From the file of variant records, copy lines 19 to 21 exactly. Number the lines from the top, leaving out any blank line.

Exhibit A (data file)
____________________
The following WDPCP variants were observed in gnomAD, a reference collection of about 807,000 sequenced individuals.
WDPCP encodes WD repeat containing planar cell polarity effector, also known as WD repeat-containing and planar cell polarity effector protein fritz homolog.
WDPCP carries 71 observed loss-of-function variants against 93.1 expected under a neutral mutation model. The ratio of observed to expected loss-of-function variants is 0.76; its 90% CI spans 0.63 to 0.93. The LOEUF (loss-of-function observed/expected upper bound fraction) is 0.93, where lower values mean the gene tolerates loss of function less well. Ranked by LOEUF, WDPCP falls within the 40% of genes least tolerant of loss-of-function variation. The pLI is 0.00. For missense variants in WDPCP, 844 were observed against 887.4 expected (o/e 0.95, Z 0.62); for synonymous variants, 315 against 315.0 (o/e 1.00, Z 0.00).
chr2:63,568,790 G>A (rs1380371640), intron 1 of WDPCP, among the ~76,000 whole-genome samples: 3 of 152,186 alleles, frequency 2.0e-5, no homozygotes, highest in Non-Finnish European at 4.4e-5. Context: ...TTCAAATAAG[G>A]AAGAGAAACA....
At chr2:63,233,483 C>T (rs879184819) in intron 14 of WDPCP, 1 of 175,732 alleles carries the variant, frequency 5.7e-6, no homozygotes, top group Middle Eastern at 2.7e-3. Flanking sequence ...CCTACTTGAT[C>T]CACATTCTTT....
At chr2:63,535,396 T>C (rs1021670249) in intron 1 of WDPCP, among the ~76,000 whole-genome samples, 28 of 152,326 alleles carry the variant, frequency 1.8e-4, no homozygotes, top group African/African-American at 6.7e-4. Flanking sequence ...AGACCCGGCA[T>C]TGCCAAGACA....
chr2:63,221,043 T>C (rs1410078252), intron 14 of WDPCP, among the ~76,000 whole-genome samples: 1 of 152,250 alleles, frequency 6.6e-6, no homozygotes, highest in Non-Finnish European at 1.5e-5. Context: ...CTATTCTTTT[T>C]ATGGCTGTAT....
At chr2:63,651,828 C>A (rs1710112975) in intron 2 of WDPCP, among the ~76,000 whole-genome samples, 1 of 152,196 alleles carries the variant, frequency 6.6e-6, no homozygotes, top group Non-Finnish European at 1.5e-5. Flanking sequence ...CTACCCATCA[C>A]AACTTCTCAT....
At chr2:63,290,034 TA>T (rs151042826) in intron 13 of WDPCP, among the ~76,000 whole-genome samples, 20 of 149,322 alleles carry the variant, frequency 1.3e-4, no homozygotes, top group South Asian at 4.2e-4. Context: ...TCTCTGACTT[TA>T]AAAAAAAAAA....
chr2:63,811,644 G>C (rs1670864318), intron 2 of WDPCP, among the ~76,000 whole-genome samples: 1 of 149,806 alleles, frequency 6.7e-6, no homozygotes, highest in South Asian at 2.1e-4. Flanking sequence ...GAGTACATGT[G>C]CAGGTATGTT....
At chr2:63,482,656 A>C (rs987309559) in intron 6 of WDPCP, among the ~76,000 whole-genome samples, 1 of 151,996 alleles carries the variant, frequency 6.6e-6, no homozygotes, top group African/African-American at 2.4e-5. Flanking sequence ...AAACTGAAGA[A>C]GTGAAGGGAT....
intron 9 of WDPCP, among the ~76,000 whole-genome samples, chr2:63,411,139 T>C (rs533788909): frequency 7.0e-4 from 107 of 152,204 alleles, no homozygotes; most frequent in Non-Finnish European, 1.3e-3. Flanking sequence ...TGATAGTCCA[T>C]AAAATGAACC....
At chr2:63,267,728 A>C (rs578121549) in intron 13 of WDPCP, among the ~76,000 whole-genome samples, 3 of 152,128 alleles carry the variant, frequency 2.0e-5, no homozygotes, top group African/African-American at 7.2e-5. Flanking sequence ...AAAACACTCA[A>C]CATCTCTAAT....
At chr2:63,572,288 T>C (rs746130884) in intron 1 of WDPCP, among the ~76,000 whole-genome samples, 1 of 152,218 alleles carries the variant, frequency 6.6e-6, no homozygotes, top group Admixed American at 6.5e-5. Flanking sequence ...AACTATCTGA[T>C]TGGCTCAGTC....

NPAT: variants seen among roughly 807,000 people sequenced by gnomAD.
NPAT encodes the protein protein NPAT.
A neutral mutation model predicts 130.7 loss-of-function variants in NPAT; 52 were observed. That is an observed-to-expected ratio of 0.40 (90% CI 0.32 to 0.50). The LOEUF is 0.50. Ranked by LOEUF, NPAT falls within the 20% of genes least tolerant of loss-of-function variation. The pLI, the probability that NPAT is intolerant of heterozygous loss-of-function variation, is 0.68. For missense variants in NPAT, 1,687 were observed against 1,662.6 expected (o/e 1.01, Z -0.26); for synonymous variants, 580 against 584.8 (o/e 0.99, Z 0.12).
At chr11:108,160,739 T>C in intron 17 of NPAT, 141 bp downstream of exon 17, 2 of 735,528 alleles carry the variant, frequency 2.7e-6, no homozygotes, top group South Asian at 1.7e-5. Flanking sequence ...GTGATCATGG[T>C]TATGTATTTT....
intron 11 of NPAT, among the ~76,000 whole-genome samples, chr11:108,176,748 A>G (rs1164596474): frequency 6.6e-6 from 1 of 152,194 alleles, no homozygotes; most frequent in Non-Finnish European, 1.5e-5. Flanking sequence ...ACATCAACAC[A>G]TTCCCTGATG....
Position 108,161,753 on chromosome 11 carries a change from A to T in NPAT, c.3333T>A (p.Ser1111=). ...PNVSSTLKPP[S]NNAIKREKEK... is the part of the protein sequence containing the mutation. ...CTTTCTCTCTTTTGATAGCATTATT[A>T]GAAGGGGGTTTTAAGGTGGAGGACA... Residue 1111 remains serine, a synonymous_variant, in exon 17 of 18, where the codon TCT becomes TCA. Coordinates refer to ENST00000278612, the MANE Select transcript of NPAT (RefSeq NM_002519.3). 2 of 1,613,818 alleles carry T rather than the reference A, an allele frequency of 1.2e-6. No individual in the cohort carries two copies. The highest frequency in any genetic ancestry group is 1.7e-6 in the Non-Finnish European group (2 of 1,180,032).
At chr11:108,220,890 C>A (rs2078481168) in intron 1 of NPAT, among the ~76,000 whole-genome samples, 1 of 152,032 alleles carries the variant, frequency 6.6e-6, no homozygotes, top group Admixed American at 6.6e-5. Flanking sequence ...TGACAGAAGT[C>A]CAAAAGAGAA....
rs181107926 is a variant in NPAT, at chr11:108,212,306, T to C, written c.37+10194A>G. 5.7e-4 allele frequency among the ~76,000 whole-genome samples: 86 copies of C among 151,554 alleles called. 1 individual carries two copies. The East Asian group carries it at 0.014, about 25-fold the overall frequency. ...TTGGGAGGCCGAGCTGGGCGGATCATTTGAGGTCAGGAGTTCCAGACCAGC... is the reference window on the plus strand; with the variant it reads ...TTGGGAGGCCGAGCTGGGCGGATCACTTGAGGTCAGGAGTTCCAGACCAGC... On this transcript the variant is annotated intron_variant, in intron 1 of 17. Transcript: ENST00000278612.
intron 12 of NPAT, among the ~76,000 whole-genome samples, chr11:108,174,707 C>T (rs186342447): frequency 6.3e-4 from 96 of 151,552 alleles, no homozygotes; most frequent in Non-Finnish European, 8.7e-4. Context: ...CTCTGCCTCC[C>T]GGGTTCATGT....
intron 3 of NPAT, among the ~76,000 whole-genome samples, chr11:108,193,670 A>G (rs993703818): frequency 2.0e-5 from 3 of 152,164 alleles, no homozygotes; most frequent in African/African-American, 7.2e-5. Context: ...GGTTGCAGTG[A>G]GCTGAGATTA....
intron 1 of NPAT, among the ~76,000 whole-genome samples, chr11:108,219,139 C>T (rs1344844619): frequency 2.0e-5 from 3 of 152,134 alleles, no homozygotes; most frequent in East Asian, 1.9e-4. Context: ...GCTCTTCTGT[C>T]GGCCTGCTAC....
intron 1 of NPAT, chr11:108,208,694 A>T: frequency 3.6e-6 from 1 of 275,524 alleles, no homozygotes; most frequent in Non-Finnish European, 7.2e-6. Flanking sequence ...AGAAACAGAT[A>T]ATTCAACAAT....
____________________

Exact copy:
intron 11 of NPAT, among the ~76,000 whole-genome samples, chr11:108,176,748 A>G (rs1164596474): frequency 6.6e-6 from 1 of 152,194 alleles, no homozygotes; most frequent in Non-Finnish European, 1.5e-5. Flanking sequence ...ACATCAACAC[A>G]TTCCCTGATG....
Position 108,161,753 on chromosome 11 carries a change from A to T in NPAT, c.3333T>A (p.Ser1111=). ...PNVSSTLKPP[S]NNAIKREKEK... is the part of the protein sequence containing the mutation. ...CTTTCTCTCTTTTGATAGCATTATT[A>T]GAAGGGGGTTTTAAGGTGGAGGACA... Residue 1111 remains serine, a synonymous_variant, in exon 17 of 18, where the codon TCT becomes TCA. Coordinates refer to ENST00000278612, the MANE Select transcript of NPAT (RefSeq NM_002519.3). 2 of 1,613,818 alleles carry T rather than the reference A, an allele frequency of 1.2e-6. No individual in the cohort carries two copies. The highest frequency in any genetic ancestry group is 1.7e-6 in the Non-Finnish European group (2 of 1,180,032).
At chr11:108,220,890 C>A (rs2078481168) in intron 1 of NPAT, among the ~76,000 whole-genome samples, 1 of 152,032 alleles carries the variant, frequency 6.6e-6, no homozygotes, top group Admixed American at 6.6e-5. Flanking sequence ...TGACAGAAGT[C>A]CAAAAGAGAA....